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Review of the Blackberry Playbook

With the Blackberry Playbook, it is clear that Research in Motion (RIM) is tryng to find its own niche in the tablet market by staking a comfortable middle ground between a full-sized tablet like the iPad 2 and smartphones like the iPhone or Droid.

With the Blackberry Playbook, it is clear that Research in Motion (RIM) is tryng to find its own niche in the tablet market by staking a comfortable middle ground between a full-sized tablet like the iPad 2 and smartphones like the iPhone or Droid. While many won't mind carrying a number of different devices to fit different needs, there are others who want an all-in-one device with both power and portability. The Blackberry Playbook attempts to meet the needs of this later group. Most notably, the 7-inch display on the Playbook is nearly 3 inches smaller than that of the iPad 2. The device is small enough to fit within most shirt and pants pockets, something the iPad 2 and smiliar-sized tablets could enver do.

Although smaller than the iPad, the Playbook is a solid device with a hefty feel to it. The weight of the device may come as a surprise to some. To most consumers, however, the solid and seemingly durable construction is probably more than worth any extra weight. As mentioned, the display on the Playbook is bout three inches smaller than the iPad 2, but for most purposes the loss of the three inches is hardly noticeable. The Playbook's display is without a doubt one of the device's most laudable features with a 1024 x 600-pixel resolution and full HD capability movies and pictures look stunning. Complimenting the display is an HDMI port, which allows the device to be hooked up to any compatible HD device including HDTVs and projectors.

Getting a bit more technical, the Blackberry Playbook, like the iPad 2 is powered by a 1 GHZ dual core processor and 1 GB of ram. Powered by RIMS newest operating system, the QNX, the device is surprisingly quick, intuitive and responsive. The user interface allows you to easily jump from one application to another and scroll through options effortlessly. It may not run quite as fast or as snappy as the commercial would you lead you to believe, but the UI is still very responsive and truely a pleasure to use. The "crackberry" has truely come to the tablet.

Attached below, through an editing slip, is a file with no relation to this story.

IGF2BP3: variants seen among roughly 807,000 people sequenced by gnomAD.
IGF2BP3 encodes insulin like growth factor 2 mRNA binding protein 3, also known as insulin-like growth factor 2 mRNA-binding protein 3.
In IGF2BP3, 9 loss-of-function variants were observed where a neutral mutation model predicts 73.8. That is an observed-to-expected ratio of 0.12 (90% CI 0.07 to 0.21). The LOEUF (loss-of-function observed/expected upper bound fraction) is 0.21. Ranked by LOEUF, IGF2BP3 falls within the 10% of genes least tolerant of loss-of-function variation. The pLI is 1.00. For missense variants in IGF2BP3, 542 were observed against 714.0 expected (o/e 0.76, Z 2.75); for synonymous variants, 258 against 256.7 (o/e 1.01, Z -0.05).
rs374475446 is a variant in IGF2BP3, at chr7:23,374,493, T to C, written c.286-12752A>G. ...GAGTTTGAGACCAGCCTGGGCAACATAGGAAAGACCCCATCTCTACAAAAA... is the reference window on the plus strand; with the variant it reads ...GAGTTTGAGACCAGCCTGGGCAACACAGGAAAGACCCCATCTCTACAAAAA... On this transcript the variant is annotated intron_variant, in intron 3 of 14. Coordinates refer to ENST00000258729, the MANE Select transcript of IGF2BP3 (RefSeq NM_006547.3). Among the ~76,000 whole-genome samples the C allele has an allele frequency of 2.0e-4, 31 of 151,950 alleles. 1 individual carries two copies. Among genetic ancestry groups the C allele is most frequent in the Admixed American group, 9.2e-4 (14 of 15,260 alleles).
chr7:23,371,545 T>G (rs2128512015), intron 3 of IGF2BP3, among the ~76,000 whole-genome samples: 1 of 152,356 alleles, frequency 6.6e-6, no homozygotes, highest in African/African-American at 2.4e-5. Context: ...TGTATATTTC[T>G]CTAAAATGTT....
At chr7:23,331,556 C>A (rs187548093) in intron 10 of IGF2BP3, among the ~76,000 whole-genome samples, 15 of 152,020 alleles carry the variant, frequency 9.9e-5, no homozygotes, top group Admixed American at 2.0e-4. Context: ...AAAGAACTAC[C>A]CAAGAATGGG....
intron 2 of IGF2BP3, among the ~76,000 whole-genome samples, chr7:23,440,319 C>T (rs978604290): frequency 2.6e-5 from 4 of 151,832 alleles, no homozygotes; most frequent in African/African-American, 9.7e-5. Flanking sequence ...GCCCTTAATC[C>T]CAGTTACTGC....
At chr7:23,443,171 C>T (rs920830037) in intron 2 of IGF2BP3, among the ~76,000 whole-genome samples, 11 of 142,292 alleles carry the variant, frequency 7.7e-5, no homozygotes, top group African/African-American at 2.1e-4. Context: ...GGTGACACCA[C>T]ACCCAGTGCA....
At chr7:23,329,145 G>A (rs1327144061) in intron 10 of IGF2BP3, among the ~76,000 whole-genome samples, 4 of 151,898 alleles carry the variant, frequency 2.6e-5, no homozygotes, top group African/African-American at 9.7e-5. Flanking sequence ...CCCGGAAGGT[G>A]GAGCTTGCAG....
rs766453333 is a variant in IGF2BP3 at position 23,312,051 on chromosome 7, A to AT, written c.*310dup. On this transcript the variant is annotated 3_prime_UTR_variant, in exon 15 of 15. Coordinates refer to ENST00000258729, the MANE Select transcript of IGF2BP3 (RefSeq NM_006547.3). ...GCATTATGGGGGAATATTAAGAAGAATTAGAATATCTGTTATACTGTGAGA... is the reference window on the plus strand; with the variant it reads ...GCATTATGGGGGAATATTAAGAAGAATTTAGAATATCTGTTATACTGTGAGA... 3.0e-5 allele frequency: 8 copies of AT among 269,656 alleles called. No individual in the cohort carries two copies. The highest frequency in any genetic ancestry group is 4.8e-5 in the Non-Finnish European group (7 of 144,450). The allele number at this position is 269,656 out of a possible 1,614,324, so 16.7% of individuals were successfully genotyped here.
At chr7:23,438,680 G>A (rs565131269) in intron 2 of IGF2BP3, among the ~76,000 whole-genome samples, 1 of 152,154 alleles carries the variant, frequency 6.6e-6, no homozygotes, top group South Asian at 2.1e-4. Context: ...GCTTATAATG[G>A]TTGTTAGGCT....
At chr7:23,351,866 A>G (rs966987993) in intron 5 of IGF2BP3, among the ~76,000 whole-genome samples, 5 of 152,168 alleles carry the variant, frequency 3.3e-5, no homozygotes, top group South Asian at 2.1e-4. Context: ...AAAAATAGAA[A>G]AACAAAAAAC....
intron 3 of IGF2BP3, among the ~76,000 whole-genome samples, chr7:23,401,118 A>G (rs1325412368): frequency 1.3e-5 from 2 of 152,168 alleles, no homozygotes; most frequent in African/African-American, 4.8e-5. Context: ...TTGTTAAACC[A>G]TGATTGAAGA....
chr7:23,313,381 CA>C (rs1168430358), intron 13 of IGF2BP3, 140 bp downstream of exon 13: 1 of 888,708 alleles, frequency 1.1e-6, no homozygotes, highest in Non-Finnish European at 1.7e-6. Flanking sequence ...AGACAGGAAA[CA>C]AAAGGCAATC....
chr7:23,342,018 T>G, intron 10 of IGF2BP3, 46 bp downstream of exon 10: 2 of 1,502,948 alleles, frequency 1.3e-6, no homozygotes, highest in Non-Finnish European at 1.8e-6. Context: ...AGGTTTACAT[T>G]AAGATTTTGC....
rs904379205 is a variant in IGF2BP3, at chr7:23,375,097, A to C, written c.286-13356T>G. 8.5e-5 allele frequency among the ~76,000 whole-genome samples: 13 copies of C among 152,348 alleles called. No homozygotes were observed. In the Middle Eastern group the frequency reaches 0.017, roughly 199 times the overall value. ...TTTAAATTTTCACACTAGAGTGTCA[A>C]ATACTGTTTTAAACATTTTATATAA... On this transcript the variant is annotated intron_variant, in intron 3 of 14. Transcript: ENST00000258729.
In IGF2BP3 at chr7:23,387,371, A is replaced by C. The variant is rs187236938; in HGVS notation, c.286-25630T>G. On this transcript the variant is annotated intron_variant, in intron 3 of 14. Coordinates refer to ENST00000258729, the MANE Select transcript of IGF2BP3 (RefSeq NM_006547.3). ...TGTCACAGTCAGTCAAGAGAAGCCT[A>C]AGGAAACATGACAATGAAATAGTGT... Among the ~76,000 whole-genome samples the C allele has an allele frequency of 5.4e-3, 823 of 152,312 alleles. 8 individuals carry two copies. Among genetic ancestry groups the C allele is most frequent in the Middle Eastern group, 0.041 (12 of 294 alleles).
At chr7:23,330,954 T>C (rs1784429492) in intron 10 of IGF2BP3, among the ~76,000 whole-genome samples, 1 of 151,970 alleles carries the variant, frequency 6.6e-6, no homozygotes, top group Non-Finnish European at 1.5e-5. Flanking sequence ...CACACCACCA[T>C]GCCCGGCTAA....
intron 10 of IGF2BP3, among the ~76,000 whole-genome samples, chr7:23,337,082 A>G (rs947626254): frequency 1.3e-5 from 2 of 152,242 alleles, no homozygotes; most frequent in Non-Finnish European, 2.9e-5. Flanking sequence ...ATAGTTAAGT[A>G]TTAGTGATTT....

One of the limitations of the Playbook is that is is in some ways reliant upon the Blackberry smartphone. While some who consider purchasing the Playbook will be owners of the Blackberry smartphone, many will not. For those without a Blackberry phone this may be a serious problem if not a "deal breaker." Via Bluetooth, the device must be tied to a RIM handset with a BIS or BES account in order to gain access to the device's on-board e-mail. Given that many consumers use other handsets and/or have online e-mail accounts such as Gmail, his is likely to turn off a significant number of potential buyers.

One additional issue reported with the Blackberry Playbook is heat. The device produces quite a bit of heat after a couple hours of regular use. Other larger tablets like the iPad 2 typically run quite cool and only occassionally feel warm to the touch. Heat is probably still not much of any issue, however, as sustained moderate to heavy use is not something most users perform on a regular basis.

So how about the price? In order to be competitive, one would expect the Blackberry Playbook to remain a bit cheaper than the iPad 2 and other "full-sized" tablets. At about $600 retail for the model with 32 GB of storage space, the Playbook is about the same price as a new iPad 2 or Motorola Xoom - a bit more expensive than some would like.

Despite the drawbacks, the Blackberry Playbook is a powerful, slim device that is simply a lot of fun to use. The new operating system combined with the device's petites size give it portability and functionality that few other device currently possess. While the Playbook may be particularly appealing to current Blackberry handset owners who can readily access their e-mail, expanded functionality in the future would approve the device's allure to a much wider audience. The Playbook offers a practical and interesting alternative to the slightly larger iPad-like tablets, bringing us one small step closer to a portable device that fits in our pocket, yet can do everything we ask of our mobile devices.

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Frank J. Wiley is a senior editor at, a website containing many helpful consumer electronics review articles. For more information on the Blackberry Playbook, please visit ourBlackberry Playbook Review webpage.

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